I saw two signs on the way back from Richmond one day. “We are you going, heaven or hell?” read one. “We must all appear before the judgment seat of Christ,” intoned the other with a white Jesus standing on stage while a bunch of hands reached up for him. I found myself wondering, “where’s the ‘God loves you’ billboard?”
Now, before you jump me: yes, I believe that there is judgment for those who have met Jesus and rejected him. I believe that we will all have to answer for our lives before the one and only Almighty God one day. I get that.
But is that the point of the Bible?
Now, some of you are starting to squirm and think, “what does this have to do with that parable, about the manager?”
Jesus tells his disciples, note, not a giant crowd of anonymous souls, but those who have already chosen to follow, a rather strange tale of a shrewd manager. The manager is caught dead to rights, we assume by his peers, and he’s reported to his boss.
But this manager thinks fast on his feet. He asks what he should say, because he knows he’s about to lose his job. He recognizes that he isn’t strong enough to do manual labor, and his pride won’t let him beg, but he figure that the people who owe his boss money will operate out of the ‘enemy of my enemy is my friend,’ and let him stay at their houses.
The manager called in the first debtor, and asked how much he owed. “Nine hundred gallons of olive oil.” The manager told him to sit down and slash the debt in half, to four hundred and fifty.
The manager called in the second and asked how much he owed. “A thousand bushels of wheat.” So the manager said to sit down and slash off two hundred bushels, to eight hundred.
The shrewd manager’s boss commended him “because he had acted shrewdly.” Seriously? The kingdom of God is like that? Rewarding a dishonest middle management type? What in the world could Jesus possibly be getting at here?
I have to admit: I’m not sure.
Jesus concludes his parable with this piece of advice for his disciples: “No one can serve two masters. Either you will hate the one and love the other, or you will be devoted to the one and despise the other. You cannot serve both God and money.”
The truth is that anyone trying to serve two opposing things can’t accomplish that. Sooner or later, you’re going to have to choose.
You have to choose blame or forgiveness. You have to choose to focus on the life without God or the life with God. You have to choose to embrace your own God-filled life or examine the lives of others you see. You have to choose law or grace.
Which brings me back to the billboards I saw in Richmond.
There are certainly many verses in the Bible about God’s judgment, about parables where those who don’t get it, or better yet, claim to get it and absolutely miss out on it. But there are also many more verses about the ways that God’s grace supersedes everything, even the law of judgment.
And yet, too often, we ‘church folk’ seem to be hung up on all the wrong things. We seem to be focused on telling people how they’re not getting into heaven, how they have problems that they have to get fixed before they can be made right. We seem more concerned with asking people “are you going to heaven or hell?” than “have you loved your neighbor this week?” We seem to more caught up in the small stuff, like theology (yes, I just said how we articulate what God looks like is relatively ‘small’), and who does what, and what choices a person makes that we don’t particularly care for… than we are with the big stuff, which I’d sum up like this.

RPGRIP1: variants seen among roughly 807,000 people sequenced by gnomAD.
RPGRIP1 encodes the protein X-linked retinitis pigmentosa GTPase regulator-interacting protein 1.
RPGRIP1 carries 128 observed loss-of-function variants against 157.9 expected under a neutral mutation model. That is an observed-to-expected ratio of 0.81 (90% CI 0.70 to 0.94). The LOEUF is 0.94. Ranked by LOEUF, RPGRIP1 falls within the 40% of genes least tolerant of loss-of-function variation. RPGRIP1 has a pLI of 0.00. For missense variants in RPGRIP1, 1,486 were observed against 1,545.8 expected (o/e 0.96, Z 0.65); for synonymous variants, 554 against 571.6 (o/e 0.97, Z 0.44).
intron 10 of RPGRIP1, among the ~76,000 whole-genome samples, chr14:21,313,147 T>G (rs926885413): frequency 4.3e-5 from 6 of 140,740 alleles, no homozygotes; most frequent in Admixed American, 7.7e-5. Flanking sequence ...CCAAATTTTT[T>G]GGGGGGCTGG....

God is love, and if we are like God, then we are love.
So, what would it look like if we were trustworthy?
What would it look like if we put our own biases aside and really presented the gospel of Jesus Christ to each and every person we met?
What if we forgave our spouse for their latest mistake, or better yet, stopped keeping track of their mistakes?
What if we ignored a person’s sexual preference, past drinking history, timeliness, cleanliness, fashion sense, child raising skills, or education, and loved them no matter what?
What if we stopped caring whether the other person in the conversation was ‘right’ or ‘wrong,’ but listened to what we could learn from their life, even if they were Republican or Democrat?
What if we stopped #tagging everything, from styles of worship to denominations to ways of differentiating theology?
What if we discontinued our need to compare ourselves to others in weight, job performance, marriage, possessions, salary, and lifestyle?
What if we stopped worrying about where someone was from, or what car they drove, and respected them simply because God chose to give them life?
What if we actually loved ourselves in spite of all of those things?
The shrewdness of the kingdom of God is that it fines a laser-like light on what the ‘main thing’ is.
God loved us enough to make the world.
God loved us enough that he sent Jesus to show us what love looks like.
God loves us enough to chase after us to establish, maintain, and grow a relationship with us.
That’s the main thing. All of the other stuff? It won’t matter much in the long run.
SO, may grace grow. In you, in me, in us. Let it wash over, fill up, overflow, erupt. Let it be enough, and be so amazing that the whole world can see signs about judgment and hell and damnation and find hope and peace in the grace they see in you and me.
Grace, grace, God’s grace,
Grace that will pardon and cleanse within;
Grace, grace, God’s grace,
Grace that is greater than all our sin. (Julia H. Johnston, “Grace Greater Than Our Sin”)